Egyptian troops and protesters clash for third day
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REPORTING FROM CAIRO -- Troops and protesters demanding the end of military rule pelted each other with rocks in the center of Cairo on Sunday in the third day of clashes that have killed at least 10 people and injured hundreds.
The violence has exposed sharp divisions among Egyptians about the military council that took over when President Hosni Mubarak was overthrown Feb. 11 in a popular uprising that helped inspire revolts against autocratic rulers across the Arab world.
Anger has been building among young activists over the generals’ failure to deliver promised reforms and their unwillingness to cede power to a civilian authority until the middle of next year. But many Egyptians are tired of the disruption caused by months of protests, and the number of demonstrators in the streets has remained relatively small.
The latest skirmishes came as results were expected from the second stage of voting this week for a new parliament, part of the military’s plan to transition to civilian rule.
The Muslim Brotherhood, the Islamist movement whose party won the largest share of votes in the first round, has criticized the military’s response to protesters but has not sent its supporters into the streets to join them. A third and final round of voting is scheduled in January.
Sunday’s unrest was largely confined to a road near Tahrir Square, epicenter of the protests that toppled Mubarak. The two sides faced off across a concrete barrier erected by security forces in Sheik Rehan Street to prevent protesters from reaching the parliament and cabinet buildings, where the clashes began early Friday after a demonstrator was arrested and beaten.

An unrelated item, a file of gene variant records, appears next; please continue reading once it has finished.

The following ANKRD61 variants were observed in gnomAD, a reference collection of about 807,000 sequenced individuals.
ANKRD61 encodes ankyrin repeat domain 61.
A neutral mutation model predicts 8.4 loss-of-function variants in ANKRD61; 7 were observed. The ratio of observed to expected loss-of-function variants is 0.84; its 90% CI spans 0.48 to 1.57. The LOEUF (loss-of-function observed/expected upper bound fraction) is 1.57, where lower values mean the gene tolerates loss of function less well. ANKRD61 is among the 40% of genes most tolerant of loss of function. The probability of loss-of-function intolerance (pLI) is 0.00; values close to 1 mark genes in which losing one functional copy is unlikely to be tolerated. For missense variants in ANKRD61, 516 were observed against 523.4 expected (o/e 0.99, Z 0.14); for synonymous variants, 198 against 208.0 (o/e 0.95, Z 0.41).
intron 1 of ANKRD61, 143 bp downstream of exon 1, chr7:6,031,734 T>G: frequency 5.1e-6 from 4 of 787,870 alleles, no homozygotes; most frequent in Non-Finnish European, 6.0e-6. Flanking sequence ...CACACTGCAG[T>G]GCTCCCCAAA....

Prime Minister Kamal Ganzouri has said that troops aren’t using live ammunition. But the Ministry of Health said six of the 10 people killed had died of gunshot wounds. By Sunday, the number of wounded stood at about 500, the ministry said.
Video footage and photographs of soldiers beating protesters to the ground with sticks Saturday sent shock waves through a nation more used to seeing such brutality from the police. An image of troops pulling up the shirt of a woman in a religious head scarf as another one raised a foot to stomp her midriff caused particular outrage on social media sites and in some independent newspapers.
‘I wasn’t taking part in this protest but I was enraged by the scenes and photos of people beaten and stripped of their clothes,” said Ahmed Ibrahim, a handyman who was limping Sunday on a bandaged left leg. “I decided to come and see what’s going on and got beaten by an army officer. ... Is this the army that once claimed it was protecting us? Now they are even worse than the police under Mubarak.’
But nearby shopkeepers accused the protesters of thuggish behavior and said the continued unrest was destroying their businesses.
“The country will collapse if we keep going like this,” said Khaled Hassan, who owns a clothing store near Tahrir Square. “We can’t live and work anymore. Everyday there is a catastrophe and protesters don’t want to stop.”
-- Amro Hassan
Alexandra Zavis contributed reporting from Beirut